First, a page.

AbstractProstate cancer (PCa), the most common cancer in men across the UK, is a multifocal disease with characteristic heterogeneity and foci that can range from low-grade indolent to aggressive disease. In current clinical care, the well-established diagnosis for PCa is trans-rectal ultrasound (TRUS) guided biopsies. The TRUS procedure follows by the Gleason scoring that usually requires the expertise of a trained histopathologist. However, an inter-observer variation exists between two histopathologists besides a large discrepancy existing on initial biopsy and after the final radical prostatectomy. Therefore, a reliable diagnosis is of high demand to make an optimal decision for PCa treatment. This research work aims to apply two emerging optical imaging modalities to quantitatively evaluate the degree of malignancy.
This research thesis presents the vibration optical coherence elastography (OCE) to quantify the tissue stiffness on a microscopic scale. A feasibility study of ten patients suspected with PCa was designed to scan TRUS guided biopsies with the vibration OCE. Meanwhile, the effect of fixatives on the tissue stiffness was studied with five different tissues preserved in the fixatives along a controlled timeline. A subsequent clinical study involving 60 more patients was conducted to follow the feasibility study, which leads to a large clinical study containing a total of 840 core biopsies. Additionally, the second harmonic generation (SHG) microscopy focused on the cells and surrounding matrix within the prostate tissue. The SHG study with 42 core biopsies was intended to investigate the reason of stiffness increase of the cancerous tissue in the prostate.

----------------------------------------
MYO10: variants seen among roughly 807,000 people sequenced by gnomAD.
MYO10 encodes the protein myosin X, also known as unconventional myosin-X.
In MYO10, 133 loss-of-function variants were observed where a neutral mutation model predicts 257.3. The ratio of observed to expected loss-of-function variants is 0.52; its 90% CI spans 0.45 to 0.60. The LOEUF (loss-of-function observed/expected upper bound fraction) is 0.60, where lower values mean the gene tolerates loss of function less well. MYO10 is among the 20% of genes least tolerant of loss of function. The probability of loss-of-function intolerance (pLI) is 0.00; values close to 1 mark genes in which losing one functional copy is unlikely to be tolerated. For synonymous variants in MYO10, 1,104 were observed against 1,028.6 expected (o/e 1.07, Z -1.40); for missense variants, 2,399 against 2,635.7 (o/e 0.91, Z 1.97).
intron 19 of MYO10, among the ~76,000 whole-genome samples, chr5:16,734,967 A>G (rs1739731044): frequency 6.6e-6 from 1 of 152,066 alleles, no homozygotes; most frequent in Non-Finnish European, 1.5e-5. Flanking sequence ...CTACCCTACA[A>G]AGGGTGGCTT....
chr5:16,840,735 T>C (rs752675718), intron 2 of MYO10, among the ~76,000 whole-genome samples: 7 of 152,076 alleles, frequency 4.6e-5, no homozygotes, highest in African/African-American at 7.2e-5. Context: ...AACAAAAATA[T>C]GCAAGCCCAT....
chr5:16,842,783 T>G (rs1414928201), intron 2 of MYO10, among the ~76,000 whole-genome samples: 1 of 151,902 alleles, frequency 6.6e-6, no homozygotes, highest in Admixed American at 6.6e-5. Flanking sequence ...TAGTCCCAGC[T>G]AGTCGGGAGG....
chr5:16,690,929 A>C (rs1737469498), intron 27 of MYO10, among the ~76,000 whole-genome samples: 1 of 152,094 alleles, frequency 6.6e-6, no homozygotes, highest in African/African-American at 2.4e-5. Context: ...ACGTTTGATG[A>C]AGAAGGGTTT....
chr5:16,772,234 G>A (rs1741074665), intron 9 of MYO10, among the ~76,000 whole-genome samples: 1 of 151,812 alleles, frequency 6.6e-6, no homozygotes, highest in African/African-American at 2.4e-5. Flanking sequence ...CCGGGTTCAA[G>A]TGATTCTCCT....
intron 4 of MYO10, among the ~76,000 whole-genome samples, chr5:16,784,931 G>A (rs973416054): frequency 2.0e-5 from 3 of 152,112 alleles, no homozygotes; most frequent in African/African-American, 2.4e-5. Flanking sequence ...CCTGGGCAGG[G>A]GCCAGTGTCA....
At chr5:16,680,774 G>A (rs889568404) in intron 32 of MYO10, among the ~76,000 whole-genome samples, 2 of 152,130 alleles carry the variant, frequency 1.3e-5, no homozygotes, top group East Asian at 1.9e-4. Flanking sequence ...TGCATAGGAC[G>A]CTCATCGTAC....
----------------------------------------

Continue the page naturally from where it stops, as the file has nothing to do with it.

The experimental results indicates that the vibration OCE is capable to provide 2D and 3D high-resolution elastogram of biopsies with different malignancies. Moreover, a high diagnostic accuracy of differentiating malignant biopsies from benign ones is confirmed, as well as a significant difference in Young’s modulus of biopsies of different Gleason scores. For SHG, distinct patterns of collagen distribution are shown for PCa of different Gleason scores, along with a ratio of anisotropic to isotropic (A: I ratio) that correlates with the disease aggressiveness. To sum up, the two techniques described in this research thesis are complementary, where one depicts the stiffness of prostate tissues and the other illustrates the orientation of collagen structure around the cancerous lesion. With further development, these approaches may help in vivo diagnosis of PCa quantitatively and characterise grade of cancer as well.
|Date of Award||2018|
|Supervisor||Zhihong Huang (Supervisor), David McGloin (Supervisor) & Ghulam Nabi (Supervisor)|